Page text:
Opinion Roundup; FSCJ Board Still Can Do the Right Thing
It's never too late to do the right thing, even for a board that has made two big mistakes.
The board of the Florida State College at Jacksonville never should have extended the contract of President Steve Wallace for four years in June when there were serious problems emerging with the Pell Grant program and external work by Don Green.
Then over the summer as the implications of the problems at the college became clear, the board allowed Wallace to basically write his own severance package with just a few minor exceptions.
But there still is time to fix that mistake because the board has not approved it.
What should the board do? Make a clean break. Cut the consulting contract and its $477,000 cost.
And give him a standard severance befitting his 15 years of service; let's say six months' to a year's pay.
Wallace already was being paid generously.
It's fair to say that the economy won't be back on track till we stabilize the housing market.
Home equity is where many Americans held their savings.
A new report from Realty Trac indicates that 65 percent of housing markets nationally are worse than four years ago, The Miami Herald reports.
YOUR VOTE MATTERS
The Times-Union is receiving letters from all over the country on the presidential election. Yesterday we received letters from Massachusetts, California and Colorado.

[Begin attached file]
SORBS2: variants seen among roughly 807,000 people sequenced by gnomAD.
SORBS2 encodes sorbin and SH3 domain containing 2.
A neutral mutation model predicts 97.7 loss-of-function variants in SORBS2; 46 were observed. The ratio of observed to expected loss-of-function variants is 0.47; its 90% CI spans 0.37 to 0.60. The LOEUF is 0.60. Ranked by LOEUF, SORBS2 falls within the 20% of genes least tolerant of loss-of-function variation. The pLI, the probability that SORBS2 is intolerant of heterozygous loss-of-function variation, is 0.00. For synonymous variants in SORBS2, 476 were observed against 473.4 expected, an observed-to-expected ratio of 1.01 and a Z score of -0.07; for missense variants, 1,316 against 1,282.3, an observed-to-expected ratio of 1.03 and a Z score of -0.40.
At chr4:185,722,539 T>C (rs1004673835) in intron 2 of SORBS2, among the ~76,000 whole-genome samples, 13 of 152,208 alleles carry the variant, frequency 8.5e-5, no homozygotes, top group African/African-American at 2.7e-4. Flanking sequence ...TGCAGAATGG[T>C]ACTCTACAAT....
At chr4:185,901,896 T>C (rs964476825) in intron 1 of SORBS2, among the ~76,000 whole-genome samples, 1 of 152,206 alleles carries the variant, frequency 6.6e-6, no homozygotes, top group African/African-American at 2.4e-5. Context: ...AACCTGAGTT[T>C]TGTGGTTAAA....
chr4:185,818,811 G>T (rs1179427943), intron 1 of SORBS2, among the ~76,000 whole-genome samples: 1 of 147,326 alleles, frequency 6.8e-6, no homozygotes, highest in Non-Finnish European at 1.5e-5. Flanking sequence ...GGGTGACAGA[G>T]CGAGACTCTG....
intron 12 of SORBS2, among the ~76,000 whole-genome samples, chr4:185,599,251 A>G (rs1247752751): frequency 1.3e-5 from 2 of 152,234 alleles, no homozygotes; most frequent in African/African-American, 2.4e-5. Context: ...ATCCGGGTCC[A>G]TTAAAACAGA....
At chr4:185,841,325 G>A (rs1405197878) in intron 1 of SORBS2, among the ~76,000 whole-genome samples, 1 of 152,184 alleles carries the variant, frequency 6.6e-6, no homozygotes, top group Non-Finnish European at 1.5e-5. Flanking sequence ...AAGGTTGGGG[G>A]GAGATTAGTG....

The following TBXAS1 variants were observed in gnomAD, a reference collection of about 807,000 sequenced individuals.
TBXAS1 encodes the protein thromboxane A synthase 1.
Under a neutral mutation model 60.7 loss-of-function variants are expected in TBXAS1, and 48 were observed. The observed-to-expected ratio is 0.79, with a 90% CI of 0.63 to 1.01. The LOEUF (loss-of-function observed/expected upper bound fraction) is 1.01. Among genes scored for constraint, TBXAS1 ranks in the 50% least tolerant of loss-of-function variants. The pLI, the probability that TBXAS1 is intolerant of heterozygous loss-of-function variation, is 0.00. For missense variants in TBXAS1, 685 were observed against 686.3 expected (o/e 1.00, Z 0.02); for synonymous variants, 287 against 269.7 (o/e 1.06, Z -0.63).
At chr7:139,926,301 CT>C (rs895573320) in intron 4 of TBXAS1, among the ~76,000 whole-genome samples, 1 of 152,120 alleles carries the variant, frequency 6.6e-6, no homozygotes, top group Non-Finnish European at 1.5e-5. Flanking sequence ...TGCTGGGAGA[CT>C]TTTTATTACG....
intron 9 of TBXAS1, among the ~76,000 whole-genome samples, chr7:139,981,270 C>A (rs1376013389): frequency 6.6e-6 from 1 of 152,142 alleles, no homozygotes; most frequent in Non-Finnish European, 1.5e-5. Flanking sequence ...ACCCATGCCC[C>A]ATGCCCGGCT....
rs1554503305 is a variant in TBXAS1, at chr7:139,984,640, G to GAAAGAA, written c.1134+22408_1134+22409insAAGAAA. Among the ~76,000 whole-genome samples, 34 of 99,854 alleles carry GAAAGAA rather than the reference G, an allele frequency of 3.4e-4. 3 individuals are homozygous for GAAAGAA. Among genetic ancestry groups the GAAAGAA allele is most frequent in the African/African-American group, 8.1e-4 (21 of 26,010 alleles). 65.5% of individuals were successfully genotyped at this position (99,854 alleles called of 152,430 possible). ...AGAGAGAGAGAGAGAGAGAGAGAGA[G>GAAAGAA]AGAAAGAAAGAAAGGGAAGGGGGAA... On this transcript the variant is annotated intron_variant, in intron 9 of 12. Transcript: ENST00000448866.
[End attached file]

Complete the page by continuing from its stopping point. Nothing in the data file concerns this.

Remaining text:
Why? Because Florida is one of the most important of the swing states. For most of the states, election results are predictable. But not in Florida - again.
National polls are showing the race tied. And most of the polls in the swing states are within the margin of error. Turnout is likely to make a decisive difference on the election.
And if Barack Obama nearly splits the vote in Duval County with Mitt Romney, he can be predicted to win the state and thus the election.
So if there were ever a time to vote, it's now. Duval County - Ground Zero for the election.
And as this newspaper reported Wednesday, the ridiculously long constitutional amendments - thanks, legislators - are likely to make voting a chore.
You can study the 11 amendments or just do what our editorial board has recommended: Vote no on all of them. Most are minor and don't belong in the constitution.
A few are major - like tax reform - and require far more public discussion.
Check the newspaper's Election Guide on Sunday.
And also check our Opinion Page Blog for straight information and videos of candidates in key races.
Remember that early voting starts Saturday. Avoid long lines on Election Day, Tuesday, Nov. 6.
THE COST OF MEDICAL MISTAKES
A physician gained fame in recent years by writing that medical staff in operating rooms could learn something from pilots in airplane cockpits - using a checklist. …